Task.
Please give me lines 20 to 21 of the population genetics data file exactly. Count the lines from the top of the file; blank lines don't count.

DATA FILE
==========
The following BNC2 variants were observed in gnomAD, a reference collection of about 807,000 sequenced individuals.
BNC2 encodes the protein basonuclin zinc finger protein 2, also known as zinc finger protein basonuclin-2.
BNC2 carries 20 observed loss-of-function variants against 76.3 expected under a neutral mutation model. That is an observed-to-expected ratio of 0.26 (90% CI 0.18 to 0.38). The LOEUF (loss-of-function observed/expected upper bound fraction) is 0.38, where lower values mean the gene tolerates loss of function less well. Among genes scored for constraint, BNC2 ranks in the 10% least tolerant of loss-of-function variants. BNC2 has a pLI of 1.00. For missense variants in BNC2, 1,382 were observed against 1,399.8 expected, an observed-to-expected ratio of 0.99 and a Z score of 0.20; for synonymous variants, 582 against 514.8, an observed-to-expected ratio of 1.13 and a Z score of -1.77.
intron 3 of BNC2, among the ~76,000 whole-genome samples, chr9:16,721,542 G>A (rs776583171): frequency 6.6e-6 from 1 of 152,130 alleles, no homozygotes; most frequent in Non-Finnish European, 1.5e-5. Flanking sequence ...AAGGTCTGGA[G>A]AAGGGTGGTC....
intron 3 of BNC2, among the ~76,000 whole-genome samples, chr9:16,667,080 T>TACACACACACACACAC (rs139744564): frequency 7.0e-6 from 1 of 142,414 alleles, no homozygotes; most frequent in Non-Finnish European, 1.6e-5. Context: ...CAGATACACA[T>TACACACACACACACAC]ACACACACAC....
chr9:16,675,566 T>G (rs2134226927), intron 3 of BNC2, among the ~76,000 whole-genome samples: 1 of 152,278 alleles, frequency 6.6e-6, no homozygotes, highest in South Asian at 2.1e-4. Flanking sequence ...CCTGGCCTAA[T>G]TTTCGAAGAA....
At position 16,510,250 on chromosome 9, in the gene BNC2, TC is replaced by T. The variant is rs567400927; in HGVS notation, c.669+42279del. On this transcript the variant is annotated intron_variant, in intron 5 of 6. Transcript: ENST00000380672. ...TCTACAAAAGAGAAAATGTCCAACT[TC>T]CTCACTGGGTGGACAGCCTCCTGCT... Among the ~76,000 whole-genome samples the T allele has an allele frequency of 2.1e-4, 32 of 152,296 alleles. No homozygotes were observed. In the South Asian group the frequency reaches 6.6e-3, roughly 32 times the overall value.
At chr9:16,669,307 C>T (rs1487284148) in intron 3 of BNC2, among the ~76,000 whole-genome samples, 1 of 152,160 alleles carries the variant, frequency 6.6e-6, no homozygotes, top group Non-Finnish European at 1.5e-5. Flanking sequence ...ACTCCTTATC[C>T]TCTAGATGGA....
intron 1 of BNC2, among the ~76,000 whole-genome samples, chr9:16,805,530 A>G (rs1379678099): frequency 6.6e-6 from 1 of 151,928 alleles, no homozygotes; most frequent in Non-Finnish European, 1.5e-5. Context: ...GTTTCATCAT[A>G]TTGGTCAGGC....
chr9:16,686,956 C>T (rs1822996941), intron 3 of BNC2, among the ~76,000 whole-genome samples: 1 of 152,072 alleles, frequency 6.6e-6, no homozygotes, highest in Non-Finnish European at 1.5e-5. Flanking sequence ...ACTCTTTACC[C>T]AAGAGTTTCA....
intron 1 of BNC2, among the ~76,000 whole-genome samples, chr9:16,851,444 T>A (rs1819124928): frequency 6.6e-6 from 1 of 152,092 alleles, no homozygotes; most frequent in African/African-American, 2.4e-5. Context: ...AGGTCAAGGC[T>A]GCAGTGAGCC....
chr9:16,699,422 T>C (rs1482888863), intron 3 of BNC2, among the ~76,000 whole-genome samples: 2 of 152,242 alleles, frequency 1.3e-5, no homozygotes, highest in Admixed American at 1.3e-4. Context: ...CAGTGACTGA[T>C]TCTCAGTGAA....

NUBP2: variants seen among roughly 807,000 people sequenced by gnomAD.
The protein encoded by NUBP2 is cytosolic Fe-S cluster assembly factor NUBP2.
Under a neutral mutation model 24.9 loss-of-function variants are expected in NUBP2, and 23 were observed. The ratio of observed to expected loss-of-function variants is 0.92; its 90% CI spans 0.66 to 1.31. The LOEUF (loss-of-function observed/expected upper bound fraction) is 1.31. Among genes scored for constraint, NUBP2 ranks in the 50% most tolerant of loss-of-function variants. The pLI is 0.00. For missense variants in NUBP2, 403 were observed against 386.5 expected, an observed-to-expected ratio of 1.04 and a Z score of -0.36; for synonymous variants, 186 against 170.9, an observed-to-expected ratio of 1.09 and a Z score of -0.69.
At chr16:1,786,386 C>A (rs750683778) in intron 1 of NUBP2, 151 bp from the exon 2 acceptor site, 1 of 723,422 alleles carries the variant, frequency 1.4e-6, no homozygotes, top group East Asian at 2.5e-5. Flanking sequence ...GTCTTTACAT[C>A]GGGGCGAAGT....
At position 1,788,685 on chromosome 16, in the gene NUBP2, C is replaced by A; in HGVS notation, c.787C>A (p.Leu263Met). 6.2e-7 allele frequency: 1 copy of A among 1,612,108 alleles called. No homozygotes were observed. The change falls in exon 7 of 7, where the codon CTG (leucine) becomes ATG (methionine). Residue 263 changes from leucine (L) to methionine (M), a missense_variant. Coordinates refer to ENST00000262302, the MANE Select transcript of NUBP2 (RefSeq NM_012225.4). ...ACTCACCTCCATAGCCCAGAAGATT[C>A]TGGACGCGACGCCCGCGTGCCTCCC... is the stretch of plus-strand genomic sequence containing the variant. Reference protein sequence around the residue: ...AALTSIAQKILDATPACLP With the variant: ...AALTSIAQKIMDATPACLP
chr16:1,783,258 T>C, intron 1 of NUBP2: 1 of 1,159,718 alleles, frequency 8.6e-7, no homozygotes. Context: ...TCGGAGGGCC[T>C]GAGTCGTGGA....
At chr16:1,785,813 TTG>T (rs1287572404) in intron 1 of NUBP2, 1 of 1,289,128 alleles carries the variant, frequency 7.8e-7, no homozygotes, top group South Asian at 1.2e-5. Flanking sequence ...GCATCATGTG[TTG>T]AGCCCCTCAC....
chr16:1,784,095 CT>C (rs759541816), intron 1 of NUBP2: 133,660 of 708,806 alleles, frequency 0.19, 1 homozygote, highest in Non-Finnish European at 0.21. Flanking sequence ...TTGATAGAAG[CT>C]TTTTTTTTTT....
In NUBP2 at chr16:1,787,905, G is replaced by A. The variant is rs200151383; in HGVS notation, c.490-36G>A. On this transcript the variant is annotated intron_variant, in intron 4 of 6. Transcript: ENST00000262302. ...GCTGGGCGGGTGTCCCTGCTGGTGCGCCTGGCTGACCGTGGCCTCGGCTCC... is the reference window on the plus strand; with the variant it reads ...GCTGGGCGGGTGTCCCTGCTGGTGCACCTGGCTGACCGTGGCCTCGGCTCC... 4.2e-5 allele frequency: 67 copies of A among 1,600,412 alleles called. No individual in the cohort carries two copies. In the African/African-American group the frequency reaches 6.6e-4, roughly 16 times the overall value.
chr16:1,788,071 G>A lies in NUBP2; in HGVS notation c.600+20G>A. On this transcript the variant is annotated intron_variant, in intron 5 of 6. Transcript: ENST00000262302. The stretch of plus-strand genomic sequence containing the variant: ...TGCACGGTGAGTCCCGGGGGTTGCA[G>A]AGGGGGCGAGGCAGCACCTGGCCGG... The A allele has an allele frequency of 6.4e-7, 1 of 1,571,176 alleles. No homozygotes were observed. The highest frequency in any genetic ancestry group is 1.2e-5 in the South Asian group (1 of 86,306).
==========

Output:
chr16:1,784,095 CT>C (rs759541816), intron 1 of NUBP2: 133,660 of 708,806 alleles, frequency 0.19, 1 homozygote, highest in Non-Finnish European at 0.21. Flanking sequence ...TTGATAGAAG[CT>C]TTTTTTTTTT....
In NUBP2 at chr16:1,787,905, G is replaced by A. The variant is rs200151383; in HGVS notation, c.490-36G>A. On this transcript the variant is annotated intron_variant, in intron 4 of 6. Transcript: ENST00000262302. ...GCTGGGCGGGTGTCCCTGCTGGTGCGCCTGGCTGACCGTGGCCTCGGCTCC... is the reference window on the plus strand; with the variant it reads ...GCTGGGCGGGTGTCCCTGCTGGTGCACCTGGCTGACCGTGGCCTCGGCTCC... 4.2e-5 allele frequency: 67 copies of A among 1,600,412 alleles called. No individual in the cohort carries two copies. In the African/African-American group the frequency reaches 6.6e-4, roughly 16 times the overall value.